We then awaited news of Andrew's return. Jess assisted Mike in preparing the evening meal.

7.0 Miles - 15 Locks

Tuesday, 29 March 2016

Albion Junction via Drained Pounds

Today's Canals - Birmingham and Fazeley, Tame Valley, Walsall, Wednesbury Old and Birmingham Main Line

The day began bright and sunny and we made a prompt start with the short distance back to Salford Junction. (Our mooring was on the opposite side of this ;picture, just behind the long term moored boat) Just before the junction we crossed the River Tame which was flowing quite fast.

The section we took yesterday from here is about 50m away from where we joined so Andrew reversed back just so that we could say that we had completed the loop!

The signpost has had its distances altered - perhaps CaRT's tape measure has stretched. In any event it is now not so far to Perry Bar as it once was!

We now turned northwards onto the Tame Valley Canal with the first part under the mesh of motorway and other roads, all on elevated sections above us. A footbridge and railway were thrown in for good measure.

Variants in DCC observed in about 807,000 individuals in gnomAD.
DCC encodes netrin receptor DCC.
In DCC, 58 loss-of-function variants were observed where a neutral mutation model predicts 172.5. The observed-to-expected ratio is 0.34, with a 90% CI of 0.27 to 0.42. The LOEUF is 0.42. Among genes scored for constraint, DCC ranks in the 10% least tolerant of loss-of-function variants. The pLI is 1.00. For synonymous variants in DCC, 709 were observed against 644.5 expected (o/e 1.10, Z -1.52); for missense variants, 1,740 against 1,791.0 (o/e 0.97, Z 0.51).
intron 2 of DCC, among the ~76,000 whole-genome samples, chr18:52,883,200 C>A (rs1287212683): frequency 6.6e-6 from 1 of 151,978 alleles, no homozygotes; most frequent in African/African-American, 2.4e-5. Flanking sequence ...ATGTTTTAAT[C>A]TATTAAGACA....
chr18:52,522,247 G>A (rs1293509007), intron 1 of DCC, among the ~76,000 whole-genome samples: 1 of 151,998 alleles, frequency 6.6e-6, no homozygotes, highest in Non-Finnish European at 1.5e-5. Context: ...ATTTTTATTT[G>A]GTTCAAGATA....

At times it felt as if we were in the middle of a giant roller coaster.

Before long we were at the bottom of the Perry Barr flight of locks. The first two are somewhat separate from the main flight.

An unusual feature of these locks is that they have ladders either side just below the bottom gates. They appear to be original and many of the rungs are badly corroded - in one case at least so badly that all the rungs have been removed. However, most have had the missing steps replaced.

Under the first of two M6 crossings, repair work had been carried out and a temporary walkway installed. This was being dismantled but was pulled to one side to make sure that we could pass by with just enough room to spare.

At this point we noticed that recent work has been done to improve the towpath especially for cyclists. At least the specification here leaves enough of a strip for boats to hammer in mooring pins - too many other places have the hard surface right to the edge.